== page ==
Like with everything to do with religion, the concept of Christian Rock is great. Like I said on other blogs, I can listen to Stryper and Mercyful Fate in the same sitting. There are some pretty amazing musicians who are Born Again Christians and I think that’s cool. However, like with everything else, people mess it up and make it look bad. The rise of Christian Rock gave rise to the arrogance in the attitudes of those who listened to it. Some would take this to extremes and if you’ve read “Rock And Roll Children,” (shameless plug), you’ll know what I mean.

Next post: Originally, I was going to put a song by the Daniel Band on this post but when I listened to their 1984 album, “Rush Out of the Darkness,” I was so impressed that I’m going to make it my next post.

To buy Rock and Roll Children, go to: https://www.amazon.com/Rock-Roll-Children-Michael-Lefevre/dp/1609763556/ref=sr_1_3?ie=UTF8&qid=1505466016&sr=8-3&keywords=michael+d+lefevre

 

 

 

 

 

 

 

 

 

 

 

 

 

 

 

 

 

 

 

Great Metal Albums of 1983: Mercyful Fate- Melissa

Posted in 1980s, Heavy Metal, Heavy Metal and the 1980s, Music, Rock, Uncategorized with tags , , , , , , , , , , on January 13, 2017 by 80smetalman

220px-melissa_album

My first experience of  the 1983 “Melissa” album from Danish metal band Mercyful Fate didn’t come until early 1985 when I heard the best known song from the album, “Black Funeral” on a compilation album. During that time, I constantly heard the Jesus brigade going on about how the lyrics of rock songs all have hidden Satanic messages that mess with your subconscious. Well, it is safe to say that there are no such hidden subversive lyrics in the song, “Black Funeral.” No, instead lead singer King Diamond just comes out and sings “Hail Satan.” I’ve loved that song ever since.

“Black Funeral” isn’t the only song on the Melissa album that has straight forward messages from the Dark Lord. There are lyrics in most of the songs here that grab my attention and fill me with much amusement. Take the second track, “Curse of the Pharaohs.” Those lyrics, “Don’t touch, never ever steal unless you’re in for the kill or you’ll be hit by the curse of the pharaohs” Continue to make me smile. After that is “Into the Coven” with, “Come, come into my coven and become Lucifer’s Child.” The penultimate track, “Satan’s Fall” gives two different sets of lyrics to amuse. The first is “Bring me the blood of the unborn child.” The second greatly amused my roommate at University in London and upon hearing it repeated “Satan’s still alive.” With all of these, one my think that I have upside down crosses on my front lawn and an altar in my backyard where I sacrifice chickens, goats and virgins to Satan. I don’t because like so many millions of people, song lyrics don’t effect me like that.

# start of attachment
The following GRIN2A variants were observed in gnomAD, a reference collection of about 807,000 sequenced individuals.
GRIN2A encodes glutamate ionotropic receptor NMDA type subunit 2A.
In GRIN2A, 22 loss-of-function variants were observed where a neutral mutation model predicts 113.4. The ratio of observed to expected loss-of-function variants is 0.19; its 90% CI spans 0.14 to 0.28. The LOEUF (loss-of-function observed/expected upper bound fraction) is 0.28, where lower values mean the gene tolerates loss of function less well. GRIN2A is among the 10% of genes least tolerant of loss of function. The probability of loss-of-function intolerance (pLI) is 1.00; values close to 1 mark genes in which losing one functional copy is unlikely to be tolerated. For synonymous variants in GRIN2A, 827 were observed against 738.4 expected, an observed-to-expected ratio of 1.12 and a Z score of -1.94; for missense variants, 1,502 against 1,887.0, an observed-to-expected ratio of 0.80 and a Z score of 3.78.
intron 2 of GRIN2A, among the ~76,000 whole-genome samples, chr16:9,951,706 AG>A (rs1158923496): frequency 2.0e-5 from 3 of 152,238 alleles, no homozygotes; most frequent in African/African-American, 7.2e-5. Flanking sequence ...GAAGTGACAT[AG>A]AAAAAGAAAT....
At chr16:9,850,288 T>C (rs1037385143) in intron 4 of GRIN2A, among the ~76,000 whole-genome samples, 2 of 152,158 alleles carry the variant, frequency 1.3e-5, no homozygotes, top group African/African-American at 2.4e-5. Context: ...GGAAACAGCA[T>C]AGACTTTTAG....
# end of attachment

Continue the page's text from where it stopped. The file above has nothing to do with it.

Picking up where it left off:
Satanic lyrics is only one reason to like this album. The music on “Melissa” is of top quality. Most metalheads know the unmistakable voice of King Diamond and his ability to go from a deep, low growl to his high pitched harmonies. On this album, he is probably at his best. However, what has gone less noticed is the guitar work of both Michael Denner and Hank Shermann. Not only do they hammer out some cool solos throughout the album, there is some nice little guitar breaks in the songs as well. Two more to add to the list of under appreciated guitarists. Furthermore, this is the only album that I know where the first three tracks all have catchy riffs. The opening riffs in “Evil” definitely grab your attention and when the song ends, the opening riffs to “Curse of the Pharaohs” keeps things moving. That’s not all, the medieval sounding opening lead guitar intro to “Into the Coven” is done very nicely. So, all in all, this is an album to enjoy the music while being amused by the lyrics.

Track Listing:

  1. Evil
  2. Curse of the Pharaohs
  3. Into the Coven
  4. At the Sound of the Demon Bell
  5. Black Funeral
  6. Satan’s Fall
  7. Melissa
Mercyful Fate

Mercyful Fate

King Diamond- vocals

Hank Shermann- guitar

Michael Denner- guitar

Tim “Grabber” Hansen- bass

Kim Ruzz- drums

Mercyful Fate’s “Melissa” album was my first true indoctrination into black metal and it had the effect of getting me hooked on it. For me, it was the right album at the right time.

Next post: Tank- This Means War

To buy Rock And Roll Children, go to http://www.strategicpublishinggroup.com/title/RockAndRollChildren.html

Also available on Amazon, Barnes & Noble and Froogle and on sale at Foyles Book Shop in London